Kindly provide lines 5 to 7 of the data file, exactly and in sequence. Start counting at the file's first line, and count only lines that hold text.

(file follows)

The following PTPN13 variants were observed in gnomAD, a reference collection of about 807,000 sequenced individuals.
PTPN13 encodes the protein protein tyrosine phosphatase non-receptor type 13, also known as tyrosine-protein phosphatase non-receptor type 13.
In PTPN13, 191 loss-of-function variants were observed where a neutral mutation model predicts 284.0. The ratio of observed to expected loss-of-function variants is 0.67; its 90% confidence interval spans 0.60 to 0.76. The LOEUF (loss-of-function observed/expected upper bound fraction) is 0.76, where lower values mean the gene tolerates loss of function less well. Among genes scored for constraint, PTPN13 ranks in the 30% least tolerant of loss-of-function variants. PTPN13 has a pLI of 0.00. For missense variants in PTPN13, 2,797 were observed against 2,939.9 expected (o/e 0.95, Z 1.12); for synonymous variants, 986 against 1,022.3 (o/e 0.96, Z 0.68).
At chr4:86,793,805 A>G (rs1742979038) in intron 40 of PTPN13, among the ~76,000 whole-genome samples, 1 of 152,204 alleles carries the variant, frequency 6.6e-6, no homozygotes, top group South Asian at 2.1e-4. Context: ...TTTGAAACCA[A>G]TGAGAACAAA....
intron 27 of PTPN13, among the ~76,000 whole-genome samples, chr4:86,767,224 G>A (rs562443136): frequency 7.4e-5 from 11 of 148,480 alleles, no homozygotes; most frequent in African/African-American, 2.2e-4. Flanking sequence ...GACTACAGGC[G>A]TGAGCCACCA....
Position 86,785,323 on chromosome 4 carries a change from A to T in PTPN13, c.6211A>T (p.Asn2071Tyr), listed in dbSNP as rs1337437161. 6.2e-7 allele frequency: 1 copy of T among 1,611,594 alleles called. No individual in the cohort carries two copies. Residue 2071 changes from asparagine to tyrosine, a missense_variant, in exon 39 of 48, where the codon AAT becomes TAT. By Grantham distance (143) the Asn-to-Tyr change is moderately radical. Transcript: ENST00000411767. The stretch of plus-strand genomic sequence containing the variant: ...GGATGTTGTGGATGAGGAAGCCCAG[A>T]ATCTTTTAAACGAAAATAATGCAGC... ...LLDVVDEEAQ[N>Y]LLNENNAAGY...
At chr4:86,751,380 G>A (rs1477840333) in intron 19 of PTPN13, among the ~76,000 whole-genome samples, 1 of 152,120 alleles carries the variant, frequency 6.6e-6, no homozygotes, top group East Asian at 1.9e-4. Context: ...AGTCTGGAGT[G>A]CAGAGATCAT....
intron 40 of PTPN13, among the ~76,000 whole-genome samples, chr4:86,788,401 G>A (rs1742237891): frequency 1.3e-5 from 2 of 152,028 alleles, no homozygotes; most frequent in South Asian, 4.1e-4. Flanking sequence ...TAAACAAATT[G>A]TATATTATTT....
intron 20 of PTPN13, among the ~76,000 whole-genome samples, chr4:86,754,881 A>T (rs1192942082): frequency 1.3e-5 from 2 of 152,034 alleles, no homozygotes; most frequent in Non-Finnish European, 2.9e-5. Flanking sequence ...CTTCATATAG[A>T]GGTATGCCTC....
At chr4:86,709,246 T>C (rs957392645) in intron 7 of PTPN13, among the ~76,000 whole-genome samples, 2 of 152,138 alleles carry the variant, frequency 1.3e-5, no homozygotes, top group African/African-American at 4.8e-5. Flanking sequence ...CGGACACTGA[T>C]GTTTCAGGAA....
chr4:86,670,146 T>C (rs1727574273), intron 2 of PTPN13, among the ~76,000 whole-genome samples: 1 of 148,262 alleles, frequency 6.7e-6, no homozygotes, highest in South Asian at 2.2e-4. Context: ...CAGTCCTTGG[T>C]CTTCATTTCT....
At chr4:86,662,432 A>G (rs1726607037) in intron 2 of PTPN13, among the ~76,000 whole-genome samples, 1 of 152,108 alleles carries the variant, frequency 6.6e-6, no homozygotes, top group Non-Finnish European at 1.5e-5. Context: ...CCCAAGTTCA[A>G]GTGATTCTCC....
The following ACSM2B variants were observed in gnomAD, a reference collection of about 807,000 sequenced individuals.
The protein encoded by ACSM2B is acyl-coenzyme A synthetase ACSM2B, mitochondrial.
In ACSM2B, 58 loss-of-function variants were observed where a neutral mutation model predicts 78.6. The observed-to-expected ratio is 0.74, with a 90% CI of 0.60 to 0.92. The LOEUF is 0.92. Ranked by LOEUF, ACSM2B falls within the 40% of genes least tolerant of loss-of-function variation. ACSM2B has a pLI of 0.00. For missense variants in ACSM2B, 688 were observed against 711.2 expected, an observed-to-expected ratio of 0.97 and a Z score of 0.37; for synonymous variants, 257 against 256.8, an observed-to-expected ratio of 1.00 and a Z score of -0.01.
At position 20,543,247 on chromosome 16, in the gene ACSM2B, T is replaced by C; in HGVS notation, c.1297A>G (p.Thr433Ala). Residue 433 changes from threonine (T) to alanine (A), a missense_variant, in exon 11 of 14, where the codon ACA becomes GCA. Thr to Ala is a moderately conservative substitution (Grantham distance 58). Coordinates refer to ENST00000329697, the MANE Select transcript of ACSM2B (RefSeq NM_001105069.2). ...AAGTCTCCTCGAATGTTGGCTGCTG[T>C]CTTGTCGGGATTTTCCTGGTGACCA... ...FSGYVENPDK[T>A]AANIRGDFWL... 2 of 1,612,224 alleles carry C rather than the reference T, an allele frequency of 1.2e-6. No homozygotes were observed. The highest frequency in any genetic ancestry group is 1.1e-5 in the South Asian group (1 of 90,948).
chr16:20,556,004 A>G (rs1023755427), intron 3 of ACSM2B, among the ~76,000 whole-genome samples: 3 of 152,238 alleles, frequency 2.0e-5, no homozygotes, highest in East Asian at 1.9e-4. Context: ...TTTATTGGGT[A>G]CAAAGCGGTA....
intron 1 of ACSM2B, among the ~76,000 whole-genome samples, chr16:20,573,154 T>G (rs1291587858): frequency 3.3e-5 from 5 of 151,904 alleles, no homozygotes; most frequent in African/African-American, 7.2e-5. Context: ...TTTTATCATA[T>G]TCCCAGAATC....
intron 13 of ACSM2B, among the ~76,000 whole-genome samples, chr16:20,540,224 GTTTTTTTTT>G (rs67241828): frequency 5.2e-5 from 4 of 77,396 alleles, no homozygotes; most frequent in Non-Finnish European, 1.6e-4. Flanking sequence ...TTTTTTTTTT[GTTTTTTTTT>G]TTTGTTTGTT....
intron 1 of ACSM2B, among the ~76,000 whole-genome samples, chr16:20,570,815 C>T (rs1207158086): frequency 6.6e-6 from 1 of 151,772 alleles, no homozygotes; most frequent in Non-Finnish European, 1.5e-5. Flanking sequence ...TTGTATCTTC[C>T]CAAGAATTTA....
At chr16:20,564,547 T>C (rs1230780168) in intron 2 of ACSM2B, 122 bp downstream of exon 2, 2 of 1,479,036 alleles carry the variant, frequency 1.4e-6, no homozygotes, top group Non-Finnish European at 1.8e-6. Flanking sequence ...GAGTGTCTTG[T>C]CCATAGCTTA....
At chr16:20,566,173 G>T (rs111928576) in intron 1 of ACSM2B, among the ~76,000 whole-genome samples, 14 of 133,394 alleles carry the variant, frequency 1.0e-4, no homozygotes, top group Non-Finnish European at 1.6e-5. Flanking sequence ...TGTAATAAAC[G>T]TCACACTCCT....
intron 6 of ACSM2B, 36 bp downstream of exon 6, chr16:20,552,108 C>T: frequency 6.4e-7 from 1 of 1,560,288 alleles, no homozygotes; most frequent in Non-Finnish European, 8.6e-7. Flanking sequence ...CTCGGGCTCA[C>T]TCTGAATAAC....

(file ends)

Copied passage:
intron 27 of PTPN13, among the ~76,000 whole-genome samples, chr4:86,767,224 G>A (rs562443136): frequency 7.4e-5 from 11 of 148,480 alleles, no homozygotes; most frequent in African/African-American, 2.2e-4. Flanking sequence ...GACTACAGGC[G>A]TGAGCCACCA....
Position 86,785,323 on chromosome 4 carries a change from A to T in PTPN13, c.6211A>T (p.Asn2071Tyr), listed in dbSNP as rs1337437161. 6.2e-7 allele frequency: 1 copy of T among 1,611,594 alleles called. No individual in the cohort carries two copies. Residue 2071 changes from asparagine to tyrosine, a missense_variant, in exon 39 of 48, where the codon AAT becomes TAT. By Grantham distance (143) the Asn-to-Tyr change is moderately radical. Transcript: ENST00000411767. The stretch of plus-strand genomic sequence containing the variant: ...GGATGTTGTGGATGAGGAAGCCCAG[A>T]ATCTTTTAAACGAAAATAATGCAGC... ...LLDVVDEEAQ[N>Y]LLNENNAAGY...
At chr4:86,751,380 G>A (rs1477840333) in intron 19 of PTPN13, among the ~76,000 whole-genome samples, 1 of 152,120 alleles carries the variant, frequency 6.6e-6, no homozygotes, top group East Asian at 1.9e-4. Context: ...AGTCTGGAGT[G>A]CAGAGATCAT....